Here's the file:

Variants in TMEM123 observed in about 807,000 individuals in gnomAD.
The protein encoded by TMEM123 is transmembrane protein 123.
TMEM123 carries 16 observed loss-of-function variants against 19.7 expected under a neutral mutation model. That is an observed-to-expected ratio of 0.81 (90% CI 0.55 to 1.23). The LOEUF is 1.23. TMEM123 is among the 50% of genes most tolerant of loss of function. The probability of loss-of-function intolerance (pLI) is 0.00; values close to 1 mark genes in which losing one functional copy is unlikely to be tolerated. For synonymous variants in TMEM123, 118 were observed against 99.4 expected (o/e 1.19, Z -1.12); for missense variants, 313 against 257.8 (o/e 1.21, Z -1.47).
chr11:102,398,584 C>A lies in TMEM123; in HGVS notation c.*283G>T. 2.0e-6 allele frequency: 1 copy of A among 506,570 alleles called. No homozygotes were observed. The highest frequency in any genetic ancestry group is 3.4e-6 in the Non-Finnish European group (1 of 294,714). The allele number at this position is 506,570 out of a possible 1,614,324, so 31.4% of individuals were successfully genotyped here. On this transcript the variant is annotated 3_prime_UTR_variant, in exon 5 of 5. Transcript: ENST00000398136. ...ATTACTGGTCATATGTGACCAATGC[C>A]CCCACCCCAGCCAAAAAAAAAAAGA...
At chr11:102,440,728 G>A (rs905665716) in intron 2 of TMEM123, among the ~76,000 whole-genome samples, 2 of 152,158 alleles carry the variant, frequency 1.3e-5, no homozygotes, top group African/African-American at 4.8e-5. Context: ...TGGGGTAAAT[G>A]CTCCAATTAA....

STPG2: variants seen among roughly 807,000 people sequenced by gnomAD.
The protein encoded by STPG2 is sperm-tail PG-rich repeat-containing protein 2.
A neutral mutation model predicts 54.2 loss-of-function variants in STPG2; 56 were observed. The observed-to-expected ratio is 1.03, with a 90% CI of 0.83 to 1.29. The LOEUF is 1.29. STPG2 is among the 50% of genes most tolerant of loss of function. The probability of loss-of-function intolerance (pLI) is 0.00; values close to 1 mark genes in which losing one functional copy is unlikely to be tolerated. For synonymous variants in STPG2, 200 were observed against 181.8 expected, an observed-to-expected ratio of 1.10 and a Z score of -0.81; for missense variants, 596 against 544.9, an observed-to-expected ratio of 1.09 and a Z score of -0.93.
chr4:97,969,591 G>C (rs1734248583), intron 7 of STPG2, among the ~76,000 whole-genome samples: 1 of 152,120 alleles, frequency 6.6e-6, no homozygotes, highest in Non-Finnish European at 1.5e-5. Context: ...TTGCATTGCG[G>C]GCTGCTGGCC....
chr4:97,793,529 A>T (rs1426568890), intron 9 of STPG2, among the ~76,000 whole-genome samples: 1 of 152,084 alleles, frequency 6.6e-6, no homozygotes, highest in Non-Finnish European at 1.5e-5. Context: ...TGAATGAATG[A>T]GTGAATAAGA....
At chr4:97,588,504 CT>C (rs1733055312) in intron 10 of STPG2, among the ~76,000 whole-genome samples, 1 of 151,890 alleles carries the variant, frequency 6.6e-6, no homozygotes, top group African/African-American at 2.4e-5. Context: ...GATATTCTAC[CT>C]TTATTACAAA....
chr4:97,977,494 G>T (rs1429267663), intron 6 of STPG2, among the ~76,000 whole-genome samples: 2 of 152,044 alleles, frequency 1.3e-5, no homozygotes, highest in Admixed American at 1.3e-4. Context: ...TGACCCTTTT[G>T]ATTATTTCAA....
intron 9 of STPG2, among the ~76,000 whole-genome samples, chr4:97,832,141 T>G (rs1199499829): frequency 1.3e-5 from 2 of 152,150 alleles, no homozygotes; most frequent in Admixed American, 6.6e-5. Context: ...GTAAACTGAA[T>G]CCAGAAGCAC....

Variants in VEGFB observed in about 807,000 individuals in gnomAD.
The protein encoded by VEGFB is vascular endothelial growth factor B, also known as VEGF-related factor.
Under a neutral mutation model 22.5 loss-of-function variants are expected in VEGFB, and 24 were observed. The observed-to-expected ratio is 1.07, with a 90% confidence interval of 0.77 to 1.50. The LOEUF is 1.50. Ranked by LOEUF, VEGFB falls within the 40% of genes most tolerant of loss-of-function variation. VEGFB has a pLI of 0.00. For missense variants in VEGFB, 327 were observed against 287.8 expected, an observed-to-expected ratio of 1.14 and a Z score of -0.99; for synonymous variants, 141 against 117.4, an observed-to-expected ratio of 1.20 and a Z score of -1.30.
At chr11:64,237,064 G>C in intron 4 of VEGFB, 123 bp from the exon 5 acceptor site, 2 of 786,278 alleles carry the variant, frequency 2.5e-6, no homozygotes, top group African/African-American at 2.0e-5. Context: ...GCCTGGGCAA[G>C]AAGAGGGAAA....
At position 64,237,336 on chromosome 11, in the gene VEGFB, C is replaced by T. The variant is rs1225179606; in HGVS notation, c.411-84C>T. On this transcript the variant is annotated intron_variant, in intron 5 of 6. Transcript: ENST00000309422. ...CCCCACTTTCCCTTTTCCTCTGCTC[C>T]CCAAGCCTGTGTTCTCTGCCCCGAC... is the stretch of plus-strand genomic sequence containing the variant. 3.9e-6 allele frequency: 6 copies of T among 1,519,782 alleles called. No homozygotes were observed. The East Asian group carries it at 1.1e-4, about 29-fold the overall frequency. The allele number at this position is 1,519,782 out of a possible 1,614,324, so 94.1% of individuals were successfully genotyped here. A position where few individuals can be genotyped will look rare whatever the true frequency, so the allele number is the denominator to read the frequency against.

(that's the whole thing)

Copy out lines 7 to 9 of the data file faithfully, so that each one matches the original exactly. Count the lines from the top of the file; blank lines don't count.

The protein encoded by STPG2 is sperm-tail PG-rich repeat-containing protein 2.
A neutral mutation model predicts 54.2 loss-of-function variants in STPG2; 56 were observed. The observed-to-expected ratio is 1.03, with a 90% CI of 0.83 to 1.29. The LOEUF is 1.29. STPG2 is among the 50% of genes most tolerant of loss of function. The probability of loss-of-function intolerance (pLI) is 0.00; values close to 1 mark genes in which losing one functional copy is unlikely to be tolerated. For synonymous variants in STPG2, 200 were observed against 181.8 expected, an observed-to-expected ratio of 1.10 and a Z score of -0.81; for missense variants, 596 against 544.9, an observed-to-expected ratio of 1.09 and a Z score of -0.93.
chr4:97,969,591 G>C (rs1734248583), intron 7 of STPG2, among the ~76,000 whole-genome samples: 1 of 152,120 alleles, frequency 6.6e-6, no homozygotes, highest in Non-Finnish European at 1.5e-5. Context: ...TTGCATTGCG[G>C]GCTGCTGGCC....